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"Canada can, within a positive friendly atmosphere, ask the Chinese government to resolve the Tibetan situation."

Dalai Lama: China denies problem in Tibet

February 24, 2010

February 23, 2010

See short clip of the interview on CNN website

China is "denying there is a problem" between its
government and Tibet, the Dalai Lama says.

In his first interview since his recent
controversial meeting with President Obama, the
spiritual leader of Tibet told CNN's "Larry King
Live" that China claims Tibetans are "very happy
... much, much, much better than previous Tibet."

However, he noted that his Tibetan
government-in-exile has received information
indicating "suppression ... or restrictions"
culturally and religiously of the Tibetan people.

China rejects Tibetan claims of independence or
greater autonomy and claims sovereignty over the area.

But the Dalai Lama, who lives in exile in India,
told King that Tibetans "are not seeking independence."

"That's why we are called middle way," he said.
"We complain [about] the presence of policy in
Tibet. It is actually very much damaging. ... But
[on the] other hand, we also do not want
separation from China because ... Tibet [is a]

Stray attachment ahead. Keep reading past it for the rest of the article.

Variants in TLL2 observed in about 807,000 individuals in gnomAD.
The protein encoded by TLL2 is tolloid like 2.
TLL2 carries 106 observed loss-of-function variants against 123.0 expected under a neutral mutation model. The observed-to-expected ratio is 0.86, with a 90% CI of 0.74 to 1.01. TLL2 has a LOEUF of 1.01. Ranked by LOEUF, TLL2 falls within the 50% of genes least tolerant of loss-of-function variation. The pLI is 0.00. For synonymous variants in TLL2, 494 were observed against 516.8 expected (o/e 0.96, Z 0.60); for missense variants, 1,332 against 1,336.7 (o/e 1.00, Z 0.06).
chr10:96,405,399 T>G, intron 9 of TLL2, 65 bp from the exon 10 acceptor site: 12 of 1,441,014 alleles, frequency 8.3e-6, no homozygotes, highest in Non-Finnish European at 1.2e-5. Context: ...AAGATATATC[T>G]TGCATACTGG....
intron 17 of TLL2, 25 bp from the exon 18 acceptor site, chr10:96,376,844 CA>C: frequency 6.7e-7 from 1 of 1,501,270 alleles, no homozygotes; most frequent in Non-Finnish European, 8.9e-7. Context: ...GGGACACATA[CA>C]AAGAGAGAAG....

landlocked country, materially backward. Every
Tibetan want modernized Tibet, so for that
reason, [we] remain within the People's Republic of China."

The Dalai Lama met with Obama on Thursday despite
strong objections from Chinese government
officials. The meeting threatened to further
complicate Sino-U.S. tensions, which have been
rising in recent months. China warned it would
damage Beijing's ties to Washington.

Beijing regards the Nobel Peace Prize laureate as
a dangerous "separatist" who wishes to sever Tibet from China.

"Larry King Live"

The Dalai Lama told King he first met Obama when
the future president was a young senator on the
Senate Foreign Relations Committee.

He was a "very impressive, young politician then," he said of Obama.

"As soon as he become president, we had some sort
of contact," he said, indicating that Obama
expressed sympathy toward Tibet's plight.
However, a meeting was postponed due to sensitive
talks Obama was conducting with Chinese leaders.

"Now this time, despite some difficulties, we had
that meeting and [it was a] very pleasant one," he said.

The Dalai Lama said he discussed three priorities
during the meeting with Obama: "the promotion of
human value in order to create a better world,"
the promotion of religious harmony and his desire
for modern education for Tibetan children.

He called Obama very receptive to his priorities.

Asked whether he thinks often of his homeland,
the Dalai Lama said he occasionally conjures up
memories of his childhood in Tibet. But after
more than 50 years in India, "my body [is]
supported by Indian rice and Indian dollar," he said.

He sought to deflect attention away from his
exile, saying "this is not our concern. Our
concern is 6 million Tibetan people's basic
rights and culture. These are our main issues."

As a Buddhist, the Dalai Lama spoke often during
the interview about the concept of love and peace.

Asked whether he has love for the Chinese, he
answered, "Certainly. We have to practice that."
He admitted to "some irritation" with Chinese
hardliners, but insisted they are "small moments."
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